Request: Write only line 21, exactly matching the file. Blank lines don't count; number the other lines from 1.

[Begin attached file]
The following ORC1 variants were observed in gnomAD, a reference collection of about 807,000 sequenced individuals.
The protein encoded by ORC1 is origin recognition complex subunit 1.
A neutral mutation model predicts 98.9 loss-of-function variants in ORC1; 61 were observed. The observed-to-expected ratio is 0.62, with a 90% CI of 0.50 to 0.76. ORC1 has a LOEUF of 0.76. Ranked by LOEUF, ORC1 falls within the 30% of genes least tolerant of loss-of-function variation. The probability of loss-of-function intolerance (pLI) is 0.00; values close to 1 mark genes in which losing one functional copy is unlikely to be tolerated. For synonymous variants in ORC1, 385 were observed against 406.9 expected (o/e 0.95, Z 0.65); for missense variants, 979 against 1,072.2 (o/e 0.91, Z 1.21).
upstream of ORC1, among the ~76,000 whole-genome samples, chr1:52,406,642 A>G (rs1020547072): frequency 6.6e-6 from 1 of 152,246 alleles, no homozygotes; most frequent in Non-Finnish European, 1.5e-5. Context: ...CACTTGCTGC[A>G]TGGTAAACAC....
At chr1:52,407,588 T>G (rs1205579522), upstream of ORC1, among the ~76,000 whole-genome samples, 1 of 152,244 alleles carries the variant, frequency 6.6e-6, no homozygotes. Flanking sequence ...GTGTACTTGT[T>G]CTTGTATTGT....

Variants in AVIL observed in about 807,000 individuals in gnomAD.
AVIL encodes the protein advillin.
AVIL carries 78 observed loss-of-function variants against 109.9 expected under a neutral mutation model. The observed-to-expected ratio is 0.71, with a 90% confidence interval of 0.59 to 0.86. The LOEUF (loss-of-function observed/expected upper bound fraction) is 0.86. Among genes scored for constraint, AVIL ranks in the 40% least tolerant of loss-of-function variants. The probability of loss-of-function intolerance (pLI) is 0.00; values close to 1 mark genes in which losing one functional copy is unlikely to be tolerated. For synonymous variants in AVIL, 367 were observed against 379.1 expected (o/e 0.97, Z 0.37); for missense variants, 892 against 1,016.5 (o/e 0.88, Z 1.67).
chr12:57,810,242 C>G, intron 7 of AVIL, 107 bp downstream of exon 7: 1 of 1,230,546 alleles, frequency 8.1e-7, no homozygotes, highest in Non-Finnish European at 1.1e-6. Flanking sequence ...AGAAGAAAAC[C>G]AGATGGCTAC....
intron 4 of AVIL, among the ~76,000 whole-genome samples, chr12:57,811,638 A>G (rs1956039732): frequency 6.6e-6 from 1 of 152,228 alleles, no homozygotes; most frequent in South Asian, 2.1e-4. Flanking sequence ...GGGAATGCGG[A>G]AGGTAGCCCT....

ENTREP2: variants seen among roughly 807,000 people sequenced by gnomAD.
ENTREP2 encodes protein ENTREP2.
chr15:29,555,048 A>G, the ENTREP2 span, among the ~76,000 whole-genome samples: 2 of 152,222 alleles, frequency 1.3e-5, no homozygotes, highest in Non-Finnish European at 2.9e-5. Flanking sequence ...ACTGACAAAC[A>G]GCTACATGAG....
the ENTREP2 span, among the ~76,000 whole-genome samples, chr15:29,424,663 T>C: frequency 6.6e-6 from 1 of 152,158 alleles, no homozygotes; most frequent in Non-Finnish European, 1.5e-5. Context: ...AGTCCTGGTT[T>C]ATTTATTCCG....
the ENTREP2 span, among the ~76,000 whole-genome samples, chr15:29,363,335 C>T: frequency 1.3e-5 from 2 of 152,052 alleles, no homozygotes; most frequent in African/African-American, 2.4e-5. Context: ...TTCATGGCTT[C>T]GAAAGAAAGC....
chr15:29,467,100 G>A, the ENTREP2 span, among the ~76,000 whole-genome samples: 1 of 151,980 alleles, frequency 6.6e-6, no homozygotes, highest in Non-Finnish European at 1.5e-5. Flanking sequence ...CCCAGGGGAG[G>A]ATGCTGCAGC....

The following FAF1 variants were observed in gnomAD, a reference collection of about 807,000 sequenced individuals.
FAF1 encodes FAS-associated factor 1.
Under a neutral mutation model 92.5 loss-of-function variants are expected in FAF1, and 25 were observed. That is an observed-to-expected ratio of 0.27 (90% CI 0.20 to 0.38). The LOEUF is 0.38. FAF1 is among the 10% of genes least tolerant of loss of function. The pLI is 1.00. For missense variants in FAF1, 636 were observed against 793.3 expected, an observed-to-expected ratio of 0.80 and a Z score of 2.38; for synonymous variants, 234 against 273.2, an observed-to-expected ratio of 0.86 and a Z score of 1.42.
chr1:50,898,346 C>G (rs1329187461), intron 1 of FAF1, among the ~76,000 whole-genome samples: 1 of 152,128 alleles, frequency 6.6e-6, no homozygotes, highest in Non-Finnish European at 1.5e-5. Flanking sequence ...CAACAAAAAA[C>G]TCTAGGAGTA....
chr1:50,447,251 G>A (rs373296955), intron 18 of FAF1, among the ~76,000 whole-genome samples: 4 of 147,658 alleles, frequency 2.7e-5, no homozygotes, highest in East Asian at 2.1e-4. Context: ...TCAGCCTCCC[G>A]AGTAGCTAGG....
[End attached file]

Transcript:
chr1:50,447,251 G>A (rs373296955), intron 18 of FAF1, among the ~76,000 whole-genome samples: 4 of 147,658 alleles, frequency 2.7e-5, no homozygotes, highest in East Asian at 2.1e-4. Context: ...TCAGCCTCCC[G>A]AGTAGCTAGG....